There are literally hundreds of tunnels used by the Viet Cong on Nui Ba Den, and probably not all will ever be destroyed. But if they can be discovered, charted, searched and mapped, intermittent harassing fire by the artillery, at the entrances to the holes, can make them too dangerous for the VC to use. And repeated "raids" on selected complexes, by units such as the LRRP and CIDG, will finish whatever usefulness they might have retained.




1st Lt. Bruce G. McDougal, Co. C, 2nd Bn., 27th Inf.
Sp4 Francis L. Lentz, Co. C, 2nd Bn., 1st Inf.

Sp4 William J. Schneider, Co. C, 2nd Bn., 1st Inf.
PFC Dale E. Pollard, Co. A, 2nd Bn., 14th Inf.



Maj. Robert L. Roby, HHB, 25th Div. Arty.
Maj. Donald L. Winters, HHD, 25th Avn. Bn.
Capt. George W. Arnau, Hq & Co. A, 25th Med. Bn.
Capt. Walter R. Hayes, Hq. & Co. A, 25th Med. Bn.
Capt. Charles Johnson, HHC, 4th Bn., 9th Inf.
Capt. Vaughn Timberlake, HHB, 25th Div. Arty.
Capt. Marvin Walker, Hq & Co. A, 25th Med. Bn.
1st Lt. Michael Rothstein, HHC, 65th Engr. Bn.
1st Lt. Robert L. Russell, Btry. B, 7th Bn., 11th Arty.
SMaj. John B. McMahan, Hq & Co. A, 25th Med. Bn.

1st Sgt. L. C. Bishop, HHC, 4th Bn. (Mech), 23rd Inf.
1st Sgt. Charles Padgett, Btry. C, 7th Bn., 11th Arty.
1st Sgt. Calvin E. Stanley, HHM, 25th Div. Arty.
SFC Lucius A. Dewberry, HHC, 25th Inf. Div.
PSgt. Willie Hicks, Co. C, 25th Med. Bn.
SFC Wayne Hoffman, Co. E, 725th Maint. Bn.
SFC David Martin, HHC, 25th S&T Bn.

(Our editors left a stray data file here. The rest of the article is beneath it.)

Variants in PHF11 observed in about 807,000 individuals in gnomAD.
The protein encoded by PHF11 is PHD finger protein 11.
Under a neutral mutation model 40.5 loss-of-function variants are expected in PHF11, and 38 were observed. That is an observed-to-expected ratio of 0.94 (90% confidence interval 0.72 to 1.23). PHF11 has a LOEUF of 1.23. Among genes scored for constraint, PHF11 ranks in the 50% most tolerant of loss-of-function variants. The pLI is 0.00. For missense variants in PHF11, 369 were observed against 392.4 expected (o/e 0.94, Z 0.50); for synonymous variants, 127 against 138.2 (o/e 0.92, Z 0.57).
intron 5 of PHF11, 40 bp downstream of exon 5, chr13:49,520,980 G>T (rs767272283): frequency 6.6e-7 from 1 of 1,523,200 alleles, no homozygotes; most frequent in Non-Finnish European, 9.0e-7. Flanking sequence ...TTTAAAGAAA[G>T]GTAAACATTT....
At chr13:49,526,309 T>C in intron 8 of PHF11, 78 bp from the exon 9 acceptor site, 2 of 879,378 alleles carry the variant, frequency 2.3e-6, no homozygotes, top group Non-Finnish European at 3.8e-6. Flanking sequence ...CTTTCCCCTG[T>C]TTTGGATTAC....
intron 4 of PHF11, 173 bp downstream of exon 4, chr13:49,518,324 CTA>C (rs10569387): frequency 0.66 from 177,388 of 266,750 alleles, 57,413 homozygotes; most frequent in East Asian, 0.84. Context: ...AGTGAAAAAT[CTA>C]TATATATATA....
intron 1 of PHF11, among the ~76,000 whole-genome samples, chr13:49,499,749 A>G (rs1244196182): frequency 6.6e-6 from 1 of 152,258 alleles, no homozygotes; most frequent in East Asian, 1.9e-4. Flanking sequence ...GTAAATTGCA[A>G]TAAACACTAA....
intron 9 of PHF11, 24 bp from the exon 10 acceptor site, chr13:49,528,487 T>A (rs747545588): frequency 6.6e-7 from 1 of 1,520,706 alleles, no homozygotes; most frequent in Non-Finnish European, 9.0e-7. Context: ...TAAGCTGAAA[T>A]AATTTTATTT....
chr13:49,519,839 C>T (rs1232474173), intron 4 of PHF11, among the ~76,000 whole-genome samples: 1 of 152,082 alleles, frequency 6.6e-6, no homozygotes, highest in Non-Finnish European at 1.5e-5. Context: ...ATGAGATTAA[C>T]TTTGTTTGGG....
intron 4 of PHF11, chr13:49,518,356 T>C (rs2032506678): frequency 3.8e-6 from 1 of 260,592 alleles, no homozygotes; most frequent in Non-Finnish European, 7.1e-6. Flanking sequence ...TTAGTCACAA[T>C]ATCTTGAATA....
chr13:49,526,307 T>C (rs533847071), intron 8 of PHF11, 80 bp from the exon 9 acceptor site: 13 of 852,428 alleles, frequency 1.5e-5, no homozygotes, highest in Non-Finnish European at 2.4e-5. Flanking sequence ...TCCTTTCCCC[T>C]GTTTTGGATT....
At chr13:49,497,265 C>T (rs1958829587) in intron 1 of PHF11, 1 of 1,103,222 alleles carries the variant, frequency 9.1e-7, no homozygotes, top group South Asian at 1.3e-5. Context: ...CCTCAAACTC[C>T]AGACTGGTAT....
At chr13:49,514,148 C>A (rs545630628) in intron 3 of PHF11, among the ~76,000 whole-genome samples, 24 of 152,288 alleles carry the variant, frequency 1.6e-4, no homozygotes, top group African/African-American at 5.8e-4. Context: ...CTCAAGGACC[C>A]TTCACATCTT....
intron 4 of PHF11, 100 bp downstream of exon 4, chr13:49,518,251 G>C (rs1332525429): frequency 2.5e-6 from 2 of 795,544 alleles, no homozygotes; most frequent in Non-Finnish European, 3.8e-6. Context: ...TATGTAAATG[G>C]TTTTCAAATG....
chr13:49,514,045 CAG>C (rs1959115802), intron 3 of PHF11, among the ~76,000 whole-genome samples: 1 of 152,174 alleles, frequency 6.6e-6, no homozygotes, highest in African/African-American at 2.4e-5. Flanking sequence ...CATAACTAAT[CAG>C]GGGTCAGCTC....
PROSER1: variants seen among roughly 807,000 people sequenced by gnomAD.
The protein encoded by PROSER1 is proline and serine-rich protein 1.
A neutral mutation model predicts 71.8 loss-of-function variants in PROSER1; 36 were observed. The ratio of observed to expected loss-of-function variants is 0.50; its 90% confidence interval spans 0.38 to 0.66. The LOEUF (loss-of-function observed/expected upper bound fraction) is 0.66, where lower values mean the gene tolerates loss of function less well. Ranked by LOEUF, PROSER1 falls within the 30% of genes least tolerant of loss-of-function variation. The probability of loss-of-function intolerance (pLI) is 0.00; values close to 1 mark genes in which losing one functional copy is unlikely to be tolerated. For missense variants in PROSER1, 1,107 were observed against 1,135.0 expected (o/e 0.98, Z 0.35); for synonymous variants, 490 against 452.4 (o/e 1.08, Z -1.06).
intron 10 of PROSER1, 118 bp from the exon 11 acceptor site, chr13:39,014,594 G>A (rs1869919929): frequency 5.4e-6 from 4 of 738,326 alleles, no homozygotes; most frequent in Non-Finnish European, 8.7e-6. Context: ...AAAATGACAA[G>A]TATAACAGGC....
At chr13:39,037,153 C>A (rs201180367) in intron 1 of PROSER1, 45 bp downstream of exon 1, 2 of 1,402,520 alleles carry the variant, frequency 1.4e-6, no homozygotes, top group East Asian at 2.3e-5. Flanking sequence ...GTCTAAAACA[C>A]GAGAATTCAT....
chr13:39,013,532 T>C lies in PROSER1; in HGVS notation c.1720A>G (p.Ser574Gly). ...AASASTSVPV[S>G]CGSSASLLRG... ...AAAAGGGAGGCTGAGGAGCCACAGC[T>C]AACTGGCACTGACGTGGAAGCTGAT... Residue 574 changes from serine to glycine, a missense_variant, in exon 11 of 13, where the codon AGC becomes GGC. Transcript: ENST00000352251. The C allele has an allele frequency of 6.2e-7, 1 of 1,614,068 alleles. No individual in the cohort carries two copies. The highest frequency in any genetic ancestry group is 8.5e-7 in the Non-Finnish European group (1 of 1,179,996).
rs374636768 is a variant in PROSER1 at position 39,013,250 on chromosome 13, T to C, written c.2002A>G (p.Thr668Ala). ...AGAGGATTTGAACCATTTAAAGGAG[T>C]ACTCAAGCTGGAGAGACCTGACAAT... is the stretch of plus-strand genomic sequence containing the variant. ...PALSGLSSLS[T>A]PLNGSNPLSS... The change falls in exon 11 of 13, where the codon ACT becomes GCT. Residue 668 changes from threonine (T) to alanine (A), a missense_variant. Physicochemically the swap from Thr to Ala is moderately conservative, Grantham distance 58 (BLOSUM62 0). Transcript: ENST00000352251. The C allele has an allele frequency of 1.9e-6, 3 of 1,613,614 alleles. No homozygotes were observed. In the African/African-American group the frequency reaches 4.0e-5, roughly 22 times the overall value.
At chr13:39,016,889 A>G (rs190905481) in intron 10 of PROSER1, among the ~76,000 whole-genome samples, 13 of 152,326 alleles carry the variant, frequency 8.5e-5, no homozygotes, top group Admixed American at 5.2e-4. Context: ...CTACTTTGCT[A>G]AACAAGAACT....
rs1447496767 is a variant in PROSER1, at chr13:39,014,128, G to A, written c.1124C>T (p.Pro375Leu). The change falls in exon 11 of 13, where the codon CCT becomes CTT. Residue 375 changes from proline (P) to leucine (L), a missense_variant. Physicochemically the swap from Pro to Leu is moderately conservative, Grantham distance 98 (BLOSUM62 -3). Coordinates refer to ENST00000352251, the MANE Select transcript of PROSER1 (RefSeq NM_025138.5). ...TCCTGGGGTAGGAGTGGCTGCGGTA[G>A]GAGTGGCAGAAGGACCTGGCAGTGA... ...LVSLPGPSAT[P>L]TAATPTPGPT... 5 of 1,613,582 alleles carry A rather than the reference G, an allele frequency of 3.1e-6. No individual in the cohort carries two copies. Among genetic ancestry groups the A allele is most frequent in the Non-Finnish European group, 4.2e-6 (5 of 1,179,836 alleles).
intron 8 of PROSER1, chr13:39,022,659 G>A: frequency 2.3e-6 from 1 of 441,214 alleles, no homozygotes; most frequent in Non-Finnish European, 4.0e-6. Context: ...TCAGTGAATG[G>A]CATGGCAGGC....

SFC James Raymond, Co. E, 725th Maint. Bn.
SFC Robert Turner, Hq & Co. A, 25th Med. Bn.



Sp4 John J. Schmidt, HHC, 2nd Bn., 27th Inf.
Sp4 Ronald G. Smith, HHC, 2nd Bn., 14th Inf.
Sp4 Donald H. Snead, Co. B, 125th Sig. Bn.
Sp4 William Sturdivant, HHC, 2nd Bn., 14th Inf.
Sp4 John T. Thornton, 25th MP Co.
Sp4 Richard L. Wilkins, HHC, 2nd Bn., 27th Inf.
PFC Marion Cole, HHC, 2nd Bn, 14th Inf.
PFC John J. Haslam, HHC, 2nd Bn., 14th Inf.

PFC Larry J. Kralik, HHC, 2nd Bn., 14th Inf.
PFC Kenneth L. Lunsford, HHC, 2nd Bn., 14th Inf.
PFC David Prezenkowski, HHC, 2nd Bn., 14th Inf.
PFC Willis E. Price, HHC, 2nd Bn., 14th Inf.
PFC Dennis Reiss, HHC, 2nd Bn., 14th Inf.
PFC Alvin Shelborne, HHC, 4th Bn., 9th Inf.
PFC Matthew Vuolo, HHC, 2nd Bn., 14th Inf.




Sp5 James T. Murry, Trp. F, 17th Cav.
Cpl. Dennis McKale, Co. D, 2nd Bn., 1st Inf.
Cpl. Earl West, Trp. F, 17th Cav.
Sp4 William Ash, Co. C, 2nd Bn., 1st Inf.
Sp4 Samuel Benavides, Trp. F, 17th Cav.
Sp4 Charles W. Bolton Jr, Co. A, 4th., 31st Inf.
Sp4 William Commins, Co. B, 2nd Bn., 1st Inf.
Sp4 Thomas J. Cox, HHC, 3rd Bn., 21st Inf.
Sp4 Tommy J. Franks, Trp. F, 17th Cav.

Sp4 Darrel M. Green, Co. B, 3rd Bn., 21st Inf.